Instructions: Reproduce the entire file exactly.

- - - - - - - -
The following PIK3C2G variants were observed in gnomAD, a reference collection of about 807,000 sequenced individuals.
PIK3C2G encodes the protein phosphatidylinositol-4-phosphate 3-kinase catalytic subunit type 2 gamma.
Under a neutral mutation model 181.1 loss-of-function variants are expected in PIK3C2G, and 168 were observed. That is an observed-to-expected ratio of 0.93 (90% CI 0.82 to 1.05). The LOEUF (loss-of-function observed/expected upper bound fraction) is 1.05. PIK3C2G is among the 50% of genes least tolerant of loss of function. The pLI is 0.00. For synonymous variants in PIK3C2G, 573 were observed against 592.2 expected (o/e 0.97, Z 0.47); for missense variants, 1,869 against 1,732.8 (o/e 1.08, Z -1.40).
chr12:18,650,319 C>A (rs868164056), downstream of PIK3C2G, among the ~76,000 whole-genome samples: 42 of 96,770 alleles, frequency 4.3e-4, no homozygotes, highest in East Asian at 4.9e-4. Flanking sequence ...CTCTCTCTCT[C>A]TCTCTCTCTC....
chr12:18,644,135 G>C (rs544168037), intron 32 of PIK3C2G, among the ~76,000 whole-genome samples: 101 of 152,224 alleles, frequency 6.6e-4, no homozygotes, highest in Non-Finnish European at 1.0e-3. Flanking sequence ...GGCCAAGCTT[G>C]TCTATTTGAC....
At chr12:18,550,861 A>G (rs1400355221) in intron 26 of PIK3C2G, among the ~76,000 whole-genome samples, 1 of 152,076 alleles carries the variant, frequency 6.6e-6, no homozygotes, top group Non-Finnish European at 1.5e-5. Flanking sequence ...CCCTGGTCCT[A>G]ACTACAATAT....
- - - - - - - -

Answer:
The following PIK3C2G variants were observed in gnomAD, a reference collection of about 807,000 sequenced individuals.
PIK3C2G encodes the protein phosphatidylinositol-4-phosphate 3-kinase catalytic subunit type 2 gamma.
Under a neutral mutation model 181.1 loss-of-function variants are expected in PIK3C2G, and 168 were observed. That is an observed-to-expected ratio of 0.93 (90% CI 0.82 to 1.05). The LOEUF (loss-of-function observed/expected upper bound fraction) is 1.05. PIK3C2G is among the 50% of genes least tolerant of loss of function. The pLI is 0.00. For synonymous variants in PIK3C2G, 573 were observed against 592.2 expected (o/e 0.97, Z 0.47); for missense variants, 1,869 against 1,732.8 (o/e 1.08, Z -1.40).
chr12:18,650,319 C>A (rs868164056), downstream of PIK3C2G, among the ~76,000 whole-genome samples: 42 of 96,770 alleles, frequency 4.3e-4, no homozygotes, highest in East Asian at 4.9e-4. Flanking sequence ...CTCTCTCTCT[C>A]TCTCTCTCTC....
chr12:18,644,135 G>C (rs544168037), intron 32 of PIK3C2G, among the ~76,000 whole-genome samples: 101 of 152,224 alleles, frequency 6.6e-4, no homozygotes, highest in Non-Finnish European at 1.0e-3. Flanking sequence ...GGCCAAGCTT[G>C]TCTATTTGAC....
At chr12:18,550,861 A>G (rs1400355221) in intron 26 of PIK3C2G, among the ~76,000 whole-genome samples, 1 of 152,076 alleles carries the variant, frequency 6.6e-6, no homozygotes, top group Non-Finnish European at 1.5e-5. Flanking sequence ...CCCTGGTCCT[A>G]ACTACAATAT....